By Carlo Munoz - 07/03/12 08:05 PM EDT
Pakistan has agreed to reopen important supply routes to American and NATO forces in Afghanistan following a rare public apology from Secretary of State Hillary Clinton.
In a phone conversation on Tuesday, Clinton apologized to Pakistani Foreign Minister Hina Rabbani Khar for an errant U.S. airstrike last November that killed 24 Pakistani soldiers.
"We are both sorry for losses suffered by both our countries in this fight against terrorists," Clinton said in a statement.
While the White House and the Pentagon have repeatedly expressed their regret for the air raid, no one from the Obama administration had formally or informally apologized for the attack until Tuesday.
Defense Secretary Leon Panetta welcomed Pakistan's decision, indicating it was a sign of an improving partnership between Islamabad and Washington, but he did not issue an apology of his own.
“I welcome Pakistan’s decision to open the ground lines of communication. As I have made clear, we remain committed to improving our partnership with Pakistan and to working closely together as our two nations confront common security challenges in the region,” Panetta said in a statement.
Pakistan’s decision reopens a critical waypoint for U.S. and coalition forces, which have been moving weapons, equipment and personnel through Pakistan since the Afghanistan war began in 2001. Panetta said the loss of the direct supply routes was costing the United States roughly $100 million per month.
The decision to welcome back American forces was announced during a special meeting of Pakistan's ministerial chiefs.
The reaction from Capitol Hill was generally positive, echoing previous DOD and State Department statements that the deal will be key to normalizing U.S.-Pakistani relations.
"I hope this is a first step, and one on which we are able to build upon, in working with Pakistan to help establish a more stable, peaceful and prosperous South Asia," according to Rep. Howard Berman (D-Calif.).
Senate Foreign Relations Committee Chairman John Kerry (D-Mass.) said the agreement “will hopefully allow our two nations to put this issue behind us.”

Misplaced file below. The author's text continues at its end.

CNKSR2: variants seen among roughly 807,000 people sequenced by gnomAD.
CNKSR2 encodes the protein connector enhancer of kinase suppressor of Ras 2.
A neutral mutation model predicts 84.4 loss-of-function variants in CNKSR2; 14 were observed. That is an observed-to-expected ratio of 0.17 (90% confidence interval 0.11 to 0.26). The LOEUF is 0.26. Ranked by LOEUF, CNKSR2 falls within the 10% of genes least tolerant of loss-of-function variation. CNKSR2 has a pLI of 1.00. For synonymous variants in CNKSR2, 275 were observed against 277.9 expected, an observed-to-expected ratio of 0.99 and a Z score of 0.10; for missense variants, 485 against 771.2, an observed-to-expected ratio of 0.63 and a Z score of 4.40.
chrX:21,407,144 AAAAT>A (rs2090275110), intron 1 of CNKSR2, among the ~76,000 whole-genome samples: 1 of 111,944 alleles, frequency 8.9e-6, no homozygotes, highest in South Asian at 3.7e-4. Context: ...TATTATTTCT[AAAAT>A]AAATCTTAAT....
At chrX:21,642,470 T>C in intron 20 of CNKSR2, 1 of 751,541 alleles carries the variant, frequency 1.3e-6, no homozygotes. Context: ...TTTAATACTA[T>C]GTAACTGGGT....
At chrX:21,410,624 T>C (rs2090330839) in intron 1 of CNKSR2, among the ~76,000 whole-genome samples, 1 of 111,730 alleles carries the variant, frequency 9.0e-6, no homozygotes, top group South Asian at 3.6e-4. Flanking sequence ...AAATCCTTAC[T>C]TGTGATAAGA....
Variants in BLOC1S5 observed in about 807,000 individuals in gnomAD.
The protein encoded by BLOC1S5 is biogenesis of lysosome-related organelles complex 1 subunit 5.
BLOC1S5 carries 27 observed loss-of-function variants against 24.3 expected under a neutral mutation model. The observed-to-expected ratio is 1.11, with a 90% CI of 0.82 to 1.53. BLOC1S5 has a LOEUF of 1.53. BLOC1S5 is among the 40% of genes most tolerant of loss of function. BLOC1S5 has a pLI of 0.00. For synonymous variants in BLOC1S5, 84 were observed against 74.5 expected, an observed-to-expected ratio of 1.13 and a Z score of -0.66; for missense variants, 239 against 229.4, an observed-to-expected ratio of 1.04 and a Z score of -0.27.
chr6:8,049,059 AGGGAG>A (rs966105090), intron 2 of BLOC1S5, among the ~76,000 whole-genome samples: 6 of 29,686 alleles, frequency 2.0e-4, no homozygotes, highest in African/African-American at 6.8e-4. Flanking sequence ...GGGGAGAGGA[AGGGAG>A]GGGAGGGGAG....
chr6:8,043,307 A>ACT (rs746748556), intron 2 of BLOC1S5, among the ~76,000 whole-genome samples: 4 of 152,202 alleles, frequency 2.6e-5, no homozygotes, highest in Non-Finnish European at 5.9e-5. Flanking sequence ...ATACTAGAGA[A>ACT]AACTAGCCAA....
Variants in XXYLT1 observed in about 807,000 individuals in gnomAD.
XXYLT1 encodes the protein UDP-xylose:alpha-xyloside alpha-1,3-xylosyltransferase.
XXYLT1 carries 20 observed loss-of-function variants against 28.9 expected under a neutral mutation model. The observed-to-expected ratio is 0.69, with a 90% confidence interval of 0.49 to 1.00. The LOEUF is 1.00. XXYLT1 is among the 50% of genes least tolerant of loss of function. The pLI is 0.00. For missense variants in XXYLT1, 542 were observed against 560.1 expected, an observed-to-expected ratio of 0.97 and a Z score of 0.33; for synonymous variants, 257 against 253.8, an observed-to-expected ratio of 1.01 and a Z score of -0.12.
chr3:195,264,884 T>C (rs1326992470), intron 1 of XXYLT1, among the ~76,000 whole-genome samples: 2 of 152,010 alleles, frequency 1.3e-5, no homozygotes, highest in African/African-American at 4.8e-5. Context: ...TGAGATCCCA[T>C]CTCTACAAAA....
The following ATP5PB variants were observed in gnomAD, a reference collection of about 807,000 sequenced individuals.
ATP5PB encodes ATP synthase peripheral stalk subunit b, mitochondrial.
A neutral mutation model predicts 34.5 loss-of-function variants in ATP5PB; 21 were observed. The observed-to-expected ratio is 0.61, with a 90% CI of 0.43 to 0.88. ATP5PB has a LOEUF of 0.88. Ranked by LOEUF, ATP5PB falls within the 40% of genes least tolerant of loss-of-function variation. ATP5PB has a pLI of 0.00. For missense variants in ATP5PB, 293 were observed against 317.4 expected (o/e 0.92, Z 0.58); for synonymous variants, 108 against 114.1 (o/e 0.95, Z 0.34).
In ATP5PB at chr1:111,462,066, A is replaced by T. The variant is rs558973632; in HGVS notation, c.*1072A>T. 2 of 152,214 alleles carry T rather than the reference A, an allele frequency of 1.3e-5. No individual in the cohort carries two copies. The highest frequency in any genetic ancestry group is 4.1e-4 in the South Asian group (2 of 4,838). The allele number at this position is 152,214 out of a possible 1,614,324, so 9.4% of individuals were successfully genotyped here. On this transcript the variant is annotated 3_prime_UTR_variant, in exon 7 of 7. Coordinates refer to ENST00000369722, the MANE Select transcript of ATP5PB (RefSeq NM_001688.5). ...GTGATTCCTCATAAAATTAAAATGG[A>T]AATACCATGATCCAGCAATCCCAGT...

“Our relationship is constantly being tested,” Kerry said in a statement. “We have much to work on together, from fighting terrorism to helping to facilitate a stable Afghanistan. These and other mutual issues of interest and concern should be our focus going forward, despite our differences.”
One Senate Republican argued Islamabad needed to do more than the supply-line deal, especially in the areas of counterterrorism and border security.
“This agreement is a good step in the right direction, but more has to be done," Sen. Lindsey Graham (R-S.C.) said in a statement released Tuesday.
Graham, a member of the Senate Armed Services Committee, said the Pakistani military and intelligence directorate must be more aggressive in hunting down terror groups that are seeking safe haven inside the country's restive border region near Afghanistan.
That type of cooperation from Islamabad "would tremendously enhance our successes in Afghanistan, provide stability to the Pakistani government, and eventually a better life for people on both sides of the border,” Graham said.
The agreement comes just a few days after Gen. John Allen, head of all U.S. forces in Afghanistan, held one-on-one talks with Pakistan's powerful army chief, Gen. Ashfaq Kayani. Reopening the supply lines and bolstering security along the Afghanistan-Pakistan border were at the top of the agenda.
As part of the deal, Pakistan agreed not to increase the per-truck fee charged to the United States for using the supply lines “in the larger interest of peace and security in Afghanistan and the region,” Clinton said in the statement.
For their part, U.S. officials agreed to maintain their promise not to transport “lethal equipment” into Afghanistan via the Pakistani supply lines, unless that equipment is destined for units of the Afghan National Security Forces, according to the State Department.
The chances for a deal on the supply routes had seemed slim after Obama administration officials withdrew a team of American negotiators from the country in June. The negotiating team had tried for two months to hammer out a deal on the supply lines.
Signs of progress began to emerge later that month when Senate Armed Services Committee chief Carl Levin (D-Mich.) told reporters that Pakistan had backed off its demands to increase the per-truck cost to the United States.
American and Pakistani negotiators were reportedly close to a deal weeks before NATO's annual summit in Chicago in May.
But progress in the talks ground to a halt after Pakistan made a number of eleventh-hour demands, including an increase to the price-per-truck cost.
— This story was first posted at 1:14 p.m. and has been updated.